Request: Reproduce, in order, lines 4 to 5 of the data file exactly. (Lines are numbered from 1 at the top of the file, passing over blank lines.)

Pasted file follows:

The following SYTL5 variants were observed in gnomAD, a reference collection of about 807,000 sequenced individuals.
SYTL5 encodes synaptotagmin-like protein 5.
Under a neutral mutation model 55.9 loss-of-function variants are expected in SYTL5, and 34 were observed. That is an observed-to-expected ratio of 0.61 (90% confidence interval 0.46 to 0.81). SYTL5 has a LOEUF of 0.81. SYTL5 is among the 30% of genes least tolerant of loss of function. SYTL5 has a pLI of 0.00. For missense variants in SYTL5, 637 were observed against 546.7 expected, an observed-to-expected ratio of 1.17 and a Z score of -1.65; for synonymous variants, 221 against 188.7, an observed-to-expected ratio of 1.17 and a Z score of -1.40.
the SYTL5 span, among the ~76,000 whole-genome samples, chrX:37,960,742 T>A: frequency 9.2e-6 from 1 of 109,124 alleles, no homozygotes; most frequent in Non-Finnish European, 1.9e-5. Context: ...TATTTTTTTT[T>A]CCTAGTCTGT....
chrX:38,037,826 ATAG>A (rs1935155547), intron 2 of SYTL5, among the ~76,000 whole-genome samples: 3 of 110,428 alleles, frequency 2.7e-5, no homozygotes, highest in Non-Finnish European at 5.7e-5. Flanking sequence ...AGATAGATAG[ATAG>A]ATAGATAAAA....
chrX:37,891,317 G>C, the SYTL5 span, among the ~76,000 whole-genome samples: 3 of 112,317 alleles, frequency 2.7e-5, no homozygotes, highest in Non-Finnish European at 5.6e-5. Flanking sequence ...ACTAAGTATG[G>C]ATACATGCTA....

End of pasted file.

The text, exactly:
the SYTL5 span, among the ~76,000 whole-genome samples, chrX:37,960,742 T>A: frequency 9.2e-6 from 1 of 109,124 alleles, no homozygotes; most frequent in Non-Finnish European, 1.9e-5. Context: ...TATTTTTTTT[T>A]CCTAGTCTGT....
chrX:38,037,826 ATAG>A (rs1935155547), intron 2 of SYTL5, among the ~76,000 whole-genome samples: 3 of 110,428 alleles, frequency 2.7e-5, no homozygotes, highest in Non-Finnish European at 5.7e-5. Flanking sequence ...AGATAGATAG[ATAG>A]ATAGATAAAA....